Bringing Children Back to Nature
Originally appears in the Spring 2010 issue
Many of us have treasured memories of exploring the natural world as children and want to share nature’s beauty with the children in our lives. But these days, children seem far removed from the outdoors. In Last Child in the Woods: Saving Our Children from Nature-Deficit Disorder, author Richard Louv tells of the many barriers we face in bringing children back to the wilds: extended hours of “screen time,” lack of physical activity, and a general alienation from nature. While most parents and educators acknowledge this situation, many are confounded as to how to bring children back to nature. They might think, “I’m not a naturalist. I don’t even know the difference between a spruce and a pine tree!” They might lament, “Even if I owned a compass, I wouldn’t know how to use it.” They feel the urge to help children make a connection with the natural world, but feel powerless to facilitate that connection. Perhaps you feel the same? Luckily, you do not have to be an accomplished naturalist or wilderness survival expert in order to be the conduit for children’s discovery (or rediscovery) of nature. All you need is sheer will and some activities to awaken kids’ senses, minds and hearts.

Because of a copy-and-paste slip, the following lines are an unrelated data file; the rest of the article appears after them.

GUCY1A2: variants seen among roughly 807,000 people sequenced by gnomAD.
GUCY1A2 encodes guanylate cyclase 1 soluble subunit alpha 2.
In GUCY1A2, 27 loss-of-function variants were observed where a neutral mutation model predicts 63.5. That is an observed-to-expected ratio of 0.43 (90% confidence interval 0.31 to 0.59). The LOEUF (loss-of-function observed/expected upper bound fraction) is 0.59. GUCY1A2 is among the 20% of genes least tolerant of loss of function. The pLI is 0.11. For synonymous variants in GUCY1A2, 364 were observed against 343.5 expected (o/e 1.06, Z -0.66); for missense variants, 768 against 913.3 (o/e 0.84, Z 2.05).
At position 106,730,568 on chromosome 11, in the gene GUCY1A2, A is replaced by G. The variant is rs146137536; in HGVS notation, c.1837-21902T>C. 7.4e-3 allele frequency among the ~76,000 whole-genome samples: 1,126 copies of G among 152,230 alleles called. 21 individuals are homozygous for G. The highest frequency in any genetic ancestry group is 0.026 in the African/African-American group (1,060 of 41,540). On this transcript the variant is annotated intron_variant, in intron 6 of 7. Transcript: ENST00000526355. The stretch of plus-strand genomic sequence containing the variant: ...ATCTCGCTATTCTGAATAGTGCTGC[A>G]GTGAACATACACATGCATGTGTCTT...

Please enter subscriber password to continue reading full article.
To view the photo-rich magazine version, click here.
If you are not already a subscriber, please subscribe to read the full article
Janet Barlow is the Coordinator of Sharing Nature Canada. An environmental educator and writer living in Halifax, she is also director of Sense of Wonder Environmental Education.